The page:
In Brazil, especially in Rio de Janeiro, 30% of the TB cases are diagnosed in hospitals. Public and private hos- pitals differ in their rates of suspicion and isolation of patients who are considered to be at risk for TB. Emer- gency Rooms, in general, do not have any TB control program. In a retrospective study carried out to evaluate indicators of TB risk transmission, where 63.5% of patients were admitted to the hospital through the Emergency Room, in 27.5% of them the interval between admission and sputum collection exceeded 12 h. This delay in isola- tion was correlated with diagnosis of TB at admission and lower bacillary load in the sputum (16). In previous Brazil- ian MDR case studies, there was a significant association with clustering, suggesting that at tertiary care hospitals MDR cases may result from new transmissionof primary resistant organisms (17). According to this information, a patient could be infected with one genetic pattern ofMDR strain transmitted through the health facilities where he was admitted and the variant pattern found was related to an event of microevolution through IS6110 transposition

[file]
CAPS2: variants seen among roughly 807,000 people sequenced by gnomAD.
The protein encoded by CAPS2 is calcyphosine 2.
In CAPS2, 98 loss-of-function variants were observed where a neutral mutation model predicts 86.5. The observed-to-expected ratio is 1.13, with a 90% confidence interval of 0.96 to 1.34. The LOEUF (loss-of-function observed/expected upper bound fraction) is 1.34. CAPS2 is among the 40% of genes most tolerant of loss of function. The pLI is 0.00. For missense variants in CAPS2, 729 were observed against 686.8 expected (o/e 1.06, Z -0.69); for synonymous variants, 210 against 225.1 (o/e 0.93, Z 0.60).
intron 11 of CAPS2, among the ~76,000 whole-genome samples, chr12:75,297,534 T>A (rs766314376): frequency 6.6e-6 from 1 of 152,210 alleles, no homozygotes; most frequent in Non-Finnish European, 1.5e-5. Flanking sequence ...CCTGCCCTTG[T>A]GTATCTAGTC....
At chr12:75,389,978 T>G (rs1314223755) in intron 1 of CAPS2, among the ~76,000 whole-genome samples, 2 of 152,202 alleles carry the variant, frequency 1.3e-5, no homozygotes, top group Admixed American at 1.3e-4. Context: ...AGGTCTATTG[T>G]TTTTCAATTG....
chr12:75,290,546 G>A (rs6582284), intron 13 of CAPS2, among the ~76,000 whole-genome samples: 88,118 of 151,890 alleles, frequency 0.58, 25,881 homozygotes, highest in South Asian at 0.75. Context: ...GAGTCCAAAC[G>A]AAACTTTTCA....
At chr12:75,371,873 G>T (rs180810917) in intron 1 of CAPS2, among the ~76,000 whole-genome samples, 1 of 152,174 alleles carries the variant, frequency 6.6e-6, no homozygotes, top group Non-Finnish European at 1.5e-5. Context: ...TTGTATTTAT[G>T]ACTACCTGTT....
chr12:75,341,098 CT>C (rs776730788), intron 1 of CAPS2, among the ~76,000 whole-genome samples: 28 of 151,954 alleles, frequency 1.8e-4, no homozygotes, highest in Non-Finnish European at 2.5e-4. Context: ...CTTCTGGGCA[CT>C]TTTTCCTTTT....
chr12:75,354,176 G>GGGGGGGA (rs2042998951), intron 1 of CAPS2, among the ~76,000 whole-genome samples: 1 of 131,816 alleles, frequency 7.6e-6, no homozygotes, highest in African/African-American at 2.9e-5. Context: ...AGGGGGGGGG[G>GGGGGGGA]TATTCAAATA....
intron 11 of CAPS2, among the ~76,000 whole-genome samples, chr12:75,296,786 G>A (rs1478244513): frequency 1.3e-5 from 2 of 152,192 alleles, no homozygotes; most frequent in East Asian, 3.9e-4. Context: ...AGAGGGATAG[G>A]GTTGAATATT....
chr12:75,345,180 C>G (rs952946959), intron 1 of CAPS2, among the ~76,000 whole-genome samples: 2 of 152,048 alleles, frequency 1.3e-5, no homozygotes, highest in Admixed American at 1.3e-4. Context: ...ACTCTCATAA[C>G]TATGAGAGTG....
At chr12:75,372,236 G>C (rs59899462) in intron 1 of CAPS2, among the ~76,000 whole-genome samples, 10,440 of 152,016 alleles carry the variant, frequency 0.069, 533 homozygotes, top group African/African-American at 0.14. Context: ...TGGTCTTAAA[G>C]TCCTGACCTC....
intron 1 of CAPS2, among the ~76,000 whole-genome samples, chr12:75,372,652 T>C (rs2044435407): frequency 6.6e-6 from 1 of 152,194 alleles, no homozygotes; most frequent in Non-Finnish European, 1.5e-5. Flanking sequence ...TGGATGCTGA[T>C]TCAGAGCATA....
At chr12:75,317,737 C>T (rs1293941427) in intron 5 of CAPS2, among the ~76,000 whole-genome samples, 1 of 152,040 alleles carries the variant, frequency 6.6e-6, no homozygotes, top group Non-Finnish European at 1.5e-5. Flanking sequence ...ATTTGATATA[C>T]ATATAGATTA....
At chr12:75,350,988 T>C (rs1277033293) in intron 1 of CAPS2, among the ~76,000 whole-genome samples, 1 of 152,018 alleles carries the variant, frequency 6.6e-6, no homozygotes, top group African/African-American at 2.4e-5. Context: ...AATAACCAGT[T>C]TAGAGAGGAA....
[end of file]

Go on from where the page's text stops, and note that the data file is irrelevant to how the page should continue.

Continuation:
Methodology/Principal Findings: We performed a retrospective study of all pulmonary tuberculosis patients reported in Songjiang district, Shanghai, to determine the demographic, clinical and microbiological characteristics oftuberculosis cases between urban migrants and local residents. We calculated the odds ratios (OR) and performed multivariate logistic regression to identify the characteristics that were independently associated with tuberculosis among urban migrants. A total of 1,348 pulmonary tuberculosis cases were reported during 2006–2008, among whom 440 (32.6%) were local residents and 908 (67.4%) were urban migrants. Urban migrant (38.9/100,000 population) had higher tuberculosis rates than local residents (27.8/100,000 population), and the rates among persons younger than age 35 years were 3 times higher among urban migrants than among local residents. Younger age (adjusted OR per additional year at risk = 0.92, 95% CI: 0.91–0.94, p,0.001), poor treatment outcome (adjusted OR = 4.12, 95% CI: 2.65–5.72, p,0.001), and lower frequency of any comorbidity at diagnosis (adjusted OR = 0.20, 95% CI: 0.13–0.26, p = 0.013) were significantly associated with tuberculosis patients among urban migrants. There were poor treatment outcomes among urban migrants, mainly from transfers to another jurisdiction (19.3% of all tuberculosis patients among urban migrants).